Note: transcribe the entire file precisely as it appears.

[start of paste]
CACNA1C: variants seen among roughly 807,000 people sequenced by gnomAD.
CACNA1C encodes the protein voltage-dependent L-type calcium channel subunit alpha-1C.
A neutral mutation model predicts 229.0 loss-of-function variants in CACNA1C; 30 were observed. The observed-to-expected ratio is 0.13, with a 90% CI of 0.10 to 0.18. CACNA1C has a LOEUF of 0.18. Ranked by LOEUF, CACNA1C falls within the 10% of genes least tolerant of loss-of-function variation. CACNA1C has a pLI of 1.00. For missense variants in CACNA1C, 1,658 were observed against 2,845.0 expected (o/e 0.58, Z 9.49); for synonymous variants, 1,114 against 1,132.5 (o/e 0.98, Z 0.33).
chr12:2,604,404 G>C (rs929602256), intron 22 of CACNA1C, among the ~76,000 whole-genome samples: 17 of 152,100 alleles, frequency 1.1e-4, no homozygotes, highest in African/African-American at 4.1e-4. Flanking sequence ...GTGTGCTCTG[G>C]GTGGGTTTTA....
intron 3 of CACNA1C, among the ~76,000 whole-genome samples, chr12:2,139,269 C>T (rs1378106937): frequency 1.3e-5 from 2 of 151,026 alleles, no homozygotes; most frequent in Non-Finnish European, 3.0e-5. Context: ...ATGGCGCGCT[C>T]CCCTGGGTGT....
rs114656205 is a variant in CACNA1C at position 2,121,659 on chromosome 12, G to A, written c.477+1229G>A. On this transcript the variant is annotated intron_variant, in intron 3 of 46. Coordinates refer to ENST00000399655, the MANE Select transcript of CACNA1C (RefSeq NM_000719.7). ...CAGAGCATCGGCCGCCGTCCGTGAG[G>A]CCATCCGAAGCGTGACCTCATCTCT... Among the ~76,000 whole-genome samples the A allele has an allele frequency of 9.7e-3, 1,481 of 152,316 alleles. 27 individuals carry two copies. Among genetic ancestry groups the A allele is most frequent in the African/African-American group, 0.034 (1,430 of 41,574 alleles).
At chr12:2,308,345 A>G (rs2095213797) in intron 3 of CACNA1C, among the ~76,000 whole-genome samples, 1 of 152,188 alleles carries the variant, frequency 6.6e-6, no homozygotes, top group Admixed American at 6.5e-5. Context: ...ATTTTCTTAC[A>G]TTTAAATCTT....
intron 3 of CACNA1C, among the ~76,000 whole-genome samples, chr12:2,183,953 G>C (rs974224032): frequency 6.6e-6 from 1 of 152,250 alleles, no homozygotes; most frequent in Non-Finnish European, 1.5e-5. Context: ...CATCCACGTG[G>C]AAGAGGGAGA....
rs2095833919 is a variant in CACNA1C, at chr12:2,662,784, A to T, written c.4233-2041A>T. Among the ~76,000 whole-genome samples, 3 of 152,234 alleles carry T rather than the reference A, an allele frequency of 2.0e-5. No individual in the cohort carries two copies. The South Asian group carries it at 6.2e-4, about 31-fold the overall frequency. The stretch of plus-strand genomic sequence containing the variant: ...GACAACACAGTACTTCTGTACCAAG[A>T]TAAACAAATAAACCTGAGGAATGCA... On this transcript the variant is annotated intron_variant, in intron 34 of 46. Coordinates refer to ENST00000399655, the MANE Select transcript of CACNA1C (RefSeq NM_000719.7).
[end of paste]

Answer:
CACNA1C: variants seen among roughly 807,000 people sequenced by gnomAD.
CACNA1C encodes the protein voltage-dependent L-type calcium channel subunit alpha-1C.
A neutral mutation model predicts 229.0 loss-of-function variants in CACNA1C; 30 were observed. The observed-to-expected ratio is 0.13, with a 90% CI of 0.10 to 0.18. CACNA1C has a LOEUF of 0.18. Ranked by LOEUF, CACNA1C falls within the 10% of genes least tolerant of loss-of-function variation. CACNA1C has a pLI of 1.00. For missense variants in CACNA1C, 1,658 were observed against 2,845.0 expected (o/e 0.58, Z 9.49); for synonymous variants, 1,114 against 1,132.5 (o/e 0.98, Z 0.33).
chr12:2,604,404 G>C (rs929602256), intron 22 of CACNA1C, among the ~76,000 whole-genome samples: 17 of 152,100 alleles, frequency 1.1e-4, no homozygotes, highest in African/African-American at 4.1e-4. Flanking sequence ...GTGTGCTCTG[G>C]GTGGGTTTTA....
intron 3 of CACNA1C, among the ~76,000 whole-genome samples, chr12:2,139,269 C>T (rs1378106937): frequency 1.3e-5 from 2 of 151,026 alleles, no homozygotes; most frequent in Non-Finnish European, 3.0e-5. Context: ...ATGGCGCGCT[C>T]CCCTGGGTGT....
rs114656205 is a variant in CACNA1C at position 2,121,659 on chromosome 12, G to A, written c.477+1229G>A. On this transcript the variant is annotated intron_variant, in intron 3 of 46. Coordinates refer to ENST00000399655, the MANE Select transcript of CACNA1C (RefSeq NM_000719.7). ...CAGAGCATCGGCCGCCGTCCGTGAG[G>A]CCATCCGAAGCGTGACCTCATCTCT... Among the ~76,000 whole-genome samples the A allele has an allele frequency of 9.7e-3, 1,481 of 152,316 alleles. 27 individuals carry two copies. Among genetic ancestry groups the A allele is most frequent in the African/African-American group, 0.034 (1,430 of 41,574 alleles).
At chr12:2,308,345 A>G (rs2095213797) in intron 3 of CACNA1C, among the ~76,000 whole-genome samples, 1 of 152,188 alleles carries the variant, frequency 6.6e-6, no homozygotes, top group Admixed American at 6.5e-5. Context: ...ATTTTCTTAC[A>G]TTTAAATCTT....
intron 3 of CACNA1C, among the ~76,000 whole-genome samples, chr12:2,183,953 G>C (rs974224032): frequency 6.6e-6 from 1 of 152,250 alleles, no homozygotes; most frequent in Non-Finnish European, 1.5e-5. Context: ...CATCCACGTG[G>C]AAGAGGGAGA....
rs2095833919 is a variant in CACNA1C, at chr12:2,662,784, A to T, written c.4233-2041A>T. Among the ~76,000 whole-genome samples, 3 of 152,234 alleles carry T rather than the reference A, an allele frequency of 2.0e-5. No individual in the cohort carries two copies. The South Asian group carries it at 6.2e-4, about 31-fold the overall frequency. The stretch of plus-strand genomic sequence containing the variant: ...GACAACACAGTACTTCTGTACCAAG[A>T]TAAACAAATAAACCTGAGGAATGCA... On this transcript the variant is annotated intron_variant, in intron 34 of 46. Coordinates refer to ENST00000399655, the MANE Select transcript of CACNA1C (RefSeq NM_000719.7).